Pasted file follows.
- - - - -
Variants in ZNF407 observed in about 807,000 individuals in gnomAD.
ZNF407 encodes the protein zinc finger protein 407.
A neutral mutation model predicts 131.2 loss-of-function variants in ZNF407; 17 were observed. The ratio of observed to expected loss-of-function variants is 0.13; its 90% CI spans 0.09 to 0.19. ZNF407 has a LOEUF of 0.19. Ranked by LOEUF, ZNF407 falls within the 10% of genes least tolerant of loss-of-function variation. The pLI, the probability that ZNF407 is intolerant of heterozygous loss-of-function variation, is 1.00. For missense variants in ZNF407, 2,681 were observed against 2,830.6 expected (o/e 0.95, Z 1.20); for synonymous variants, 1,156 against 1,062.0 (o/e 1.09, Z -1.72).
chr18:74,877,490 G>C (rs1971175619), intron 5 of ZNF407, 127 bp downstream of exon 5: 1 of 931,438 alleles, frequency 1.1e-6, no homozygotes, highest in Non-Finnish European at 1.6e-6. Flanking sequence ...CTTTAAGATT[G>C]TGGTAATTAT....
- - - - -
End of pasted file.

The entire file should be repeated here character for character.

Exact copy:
Variants in ZNF407 observed in about 807,000 individuals in gnomAD.
ZNF407 encodes the protein zinc finger protein 407.
A neutral mutation model predicts 131.2 loss-of-function variants in ZNF407; 17 were observed. The ratio of observed to expected loss-of-function variants is 0.13; its 90% CI spans 0.09 to 0.19. ZNF407 has a LOEUF of 0.19. Ranked by LOEUF, ZNF407 falls within the 10% of genes least tolerant of loss-of-function variation. The pLI, the probability that ZNF407 is intolerant of heterozygous loss-of-function variation, is 1.00. For missense variants in ZNF407, 2,681 were observed against 2,830.6 expected (o/e 0.95, Z 1.20); for synonymous variants, 1,156 against 1,062.0 (o/e 1.09, Z -1.72).
chr18:74,877,490 G>C (rs1971175619), intron 5 of ZNF407, 127 bp downstream of exon 5: 1 of 931,438 alleles, frequency 1.1e-6, no homozygotes, highest in Non-Finnish European at 1.6e-6. Flanking sequence ...CTTTAAGATT[G>C]TGGTAATTAT....